Advances in science technology and design in the last 10 years have made cars — especially stereotypical gas-guzzlers like 4x4s — into green cars, greener than could have been imagined when they first launched just a few short years ago. Relentless research into improvements for efficiency has transformed the idea of driving a low emission electric or semi-electric (hybrid) vehicle. No longer imagined as the preserve of sandal-clad, preachy environmentalists, it is now possible for a car buyer to choose a car for its performance, look, stability and fuel economy as much as its green credentials – choosing design over ‘green’ in some cases. The low emission car has never been more fashionable.
Cutting CO2 pollution, fuel consumption per gallon and streamlining with lighter more aerodynamic vehicles, low emission cars are becoming less harmful to the environment, as well as to consumers’ wallets in an age of global austerity. Reducing drag and weight and boosting all around efficiency is also crucial for green cars, with conventional cars also upping the ante for improving green performance.
If people were stubbornly looking to performance issues with driving rather than impact on the natural world outside of their car, they may want to consider this: money saving and environment saving are now both intrinsically entwined and are a combined result by the tweaks to the design and performance of low emission, hybrid and electric cars.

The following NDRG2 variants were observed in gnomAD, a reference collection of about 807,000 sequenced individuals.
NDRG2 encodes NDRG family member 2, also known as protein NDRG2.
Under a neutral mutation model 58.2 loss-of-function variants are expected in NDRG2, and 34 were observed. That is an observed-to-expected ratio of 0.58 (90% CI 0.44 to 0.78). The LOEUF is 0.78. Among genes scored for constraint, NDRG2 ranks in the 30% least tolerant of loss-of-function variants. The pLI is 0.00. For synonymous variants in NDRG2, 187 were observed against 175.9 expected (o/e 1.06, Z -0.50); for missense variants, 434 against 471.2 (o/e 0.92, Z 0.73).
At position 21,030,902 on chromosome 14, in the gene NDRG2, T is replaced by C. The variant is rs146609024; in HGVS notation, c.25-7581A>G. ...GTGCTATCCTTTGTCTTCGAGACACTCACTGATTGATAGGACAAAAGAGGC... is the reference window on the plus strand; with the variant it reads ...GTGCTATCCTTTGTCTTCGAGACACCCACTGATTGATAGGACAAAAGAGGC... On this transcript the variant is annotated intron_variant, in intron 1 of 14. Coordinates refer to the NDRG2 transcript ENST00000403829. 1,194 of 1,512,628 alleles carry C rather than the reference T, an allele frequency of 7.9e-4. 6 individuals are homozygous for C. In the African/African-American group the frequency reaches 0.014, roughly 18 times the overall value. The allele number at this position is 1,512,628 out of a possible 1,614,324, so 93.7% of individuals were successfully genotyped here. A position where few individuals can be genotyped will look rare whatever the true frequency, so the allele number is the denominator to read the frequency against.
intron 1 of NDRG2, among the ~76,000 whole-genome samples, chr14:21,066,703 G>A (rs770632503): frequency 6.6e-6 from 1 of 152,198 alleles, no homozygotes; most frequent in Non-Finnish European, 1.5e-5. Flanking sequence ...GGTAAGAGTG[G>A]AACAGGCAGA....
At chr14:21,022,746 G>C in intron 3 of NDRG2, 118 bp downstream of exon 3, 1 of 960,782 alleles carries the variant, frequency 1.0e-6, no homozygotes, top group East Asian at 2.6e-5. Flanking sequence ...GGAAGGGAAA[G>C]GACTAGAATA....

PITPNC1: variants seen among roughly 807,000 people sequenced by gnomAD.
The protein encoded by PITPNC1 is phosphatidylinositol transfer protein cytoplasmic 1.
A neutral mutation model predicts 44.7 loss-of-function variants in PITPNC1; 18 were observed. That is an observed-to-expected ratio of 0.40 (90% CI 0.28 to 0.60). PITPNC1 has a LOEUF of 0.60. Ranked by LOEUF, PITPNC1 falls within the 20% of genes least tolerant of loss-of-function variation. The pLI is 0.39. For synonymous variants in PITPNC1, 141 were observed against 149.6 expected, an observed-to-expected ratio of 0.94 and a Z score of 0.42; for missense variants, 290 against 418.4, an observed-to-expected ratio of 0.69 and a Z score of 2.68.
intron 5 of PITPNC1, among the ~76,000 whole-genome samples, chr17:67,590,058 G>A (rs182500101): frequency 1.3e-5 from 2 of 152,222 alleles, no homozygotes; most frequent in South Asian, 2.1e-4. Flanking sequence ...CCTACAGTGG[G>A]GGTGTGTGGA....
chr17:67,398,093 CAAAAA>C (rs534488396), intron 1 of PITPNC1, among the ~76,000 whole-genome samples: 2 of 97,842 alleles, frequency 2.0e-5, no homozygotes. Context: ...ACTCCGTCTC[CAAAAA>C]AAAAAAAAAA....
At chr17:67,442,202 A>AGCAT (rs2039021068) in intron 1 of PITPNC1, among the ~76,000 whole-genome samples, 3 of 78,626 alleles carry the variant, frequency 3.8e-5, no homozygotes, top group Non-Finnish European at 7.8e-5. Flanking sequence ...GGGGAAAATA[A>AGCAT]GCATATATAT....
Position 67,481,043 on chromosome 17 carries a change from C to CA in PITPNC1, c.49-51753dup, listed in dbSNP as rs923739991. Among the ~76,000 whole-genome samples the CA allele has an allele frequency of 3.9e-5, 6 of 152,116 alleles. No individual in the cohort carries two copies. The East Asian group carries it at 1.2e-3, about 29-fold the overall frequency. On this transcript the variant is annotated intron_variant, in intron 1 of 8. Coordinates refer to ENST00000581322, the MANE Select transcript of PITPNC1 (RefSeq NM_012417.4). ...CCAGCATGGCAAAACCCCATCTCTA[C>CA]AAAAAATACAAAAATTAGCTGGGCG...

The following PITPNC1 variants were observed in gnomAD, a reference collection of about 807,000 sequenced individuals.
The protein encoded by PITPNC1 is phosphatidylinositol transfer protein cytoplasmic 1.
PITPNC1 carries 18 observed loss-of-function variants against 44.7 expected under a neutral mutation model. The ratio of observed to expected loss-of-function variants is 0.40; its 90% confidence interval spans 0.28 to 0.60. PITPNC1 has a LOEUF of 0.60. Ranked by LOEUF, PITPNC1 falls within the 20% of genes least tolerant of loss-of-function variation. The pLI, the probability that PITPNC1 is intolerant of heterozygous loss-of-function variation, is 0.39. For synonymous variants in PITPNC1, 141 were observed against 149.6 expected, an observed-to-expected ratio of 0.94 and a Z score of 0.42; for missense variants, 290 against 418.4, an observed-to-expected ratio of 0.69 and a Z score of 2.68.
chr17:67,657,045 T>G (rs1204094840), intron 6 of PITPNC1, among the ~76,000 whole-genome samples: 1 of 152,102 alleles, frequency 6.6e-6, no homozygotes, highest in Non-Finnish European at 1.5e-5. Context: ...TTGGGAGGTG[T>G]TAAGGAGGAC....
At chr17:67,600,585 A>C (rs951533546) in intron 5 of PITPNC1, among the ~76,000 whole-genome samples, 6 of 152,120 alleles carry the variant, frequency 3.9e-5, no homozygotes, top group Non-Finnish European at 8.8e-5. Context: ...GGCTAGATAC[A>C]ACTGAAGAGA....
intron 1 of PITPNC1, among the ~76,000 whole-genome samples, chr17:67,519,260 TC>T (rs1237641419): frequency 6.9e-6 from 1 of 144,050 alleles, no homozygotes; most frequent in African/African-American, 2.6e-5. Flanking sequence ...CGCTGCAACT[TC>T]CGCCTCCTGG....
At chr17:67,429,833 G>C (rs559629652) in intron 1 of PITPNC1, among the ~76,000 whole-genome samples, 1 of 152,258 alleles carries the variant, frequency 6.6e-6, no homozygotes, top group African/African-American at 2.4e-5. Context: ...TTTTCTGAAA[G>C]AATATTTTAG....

Hybrid cars remain the most popular in terms of converts and sales. They run with two engines, one petrol or diesel and one electric — the electric taking over at low speeds to save fuel and self-generating the power they need to charge their batteries through heat recapture when braking. Miles better than conventional cars, hybrids are leading the way for drivers to try out a more eco-friendly way of driving, and as the years advance design improves: performance, quality, speed and stability are all as good, if not better than previous cars of all sizes and performance levels on the road.
An added bonus of some hybrid cars (such as the Peugeot 3008 Hybrid4 and Lexus CT 200h Hybrid) that reach under the magical 100g Co2/km marker for a low emission vehicle is that UK drivers then pay zero road tax to the treasury. Drivers further benefit from not having to pay the London Congestion Charge — more incentive for consumers to swap their cars for new generation hybrids than ever before.
Leading the pack in the petrol and diesel hybrid field is Honda, who are about to unload a redesigned, sleeker and lower emission SUV vehicle than any previous models in their 160 country mass-reaching market. Boasting an aerodynamic rethink for a specifically European consumer base, this October, the brand new Honda CR-V will prove that a smaller, lighter, more efficient luxury 4×4 style vehicle is now more than possible.
Without sacrificing any space inside (in fact, managing to increase it) whilst building a smaller, lighter car, Honda’s utilisation and reworking of materials through scientific research has enabled this latest Hybrid to be the most honed yet — environmentally as well as in terms of efficiency. These advances have been made without skimping on high-end features that SUV drivers require.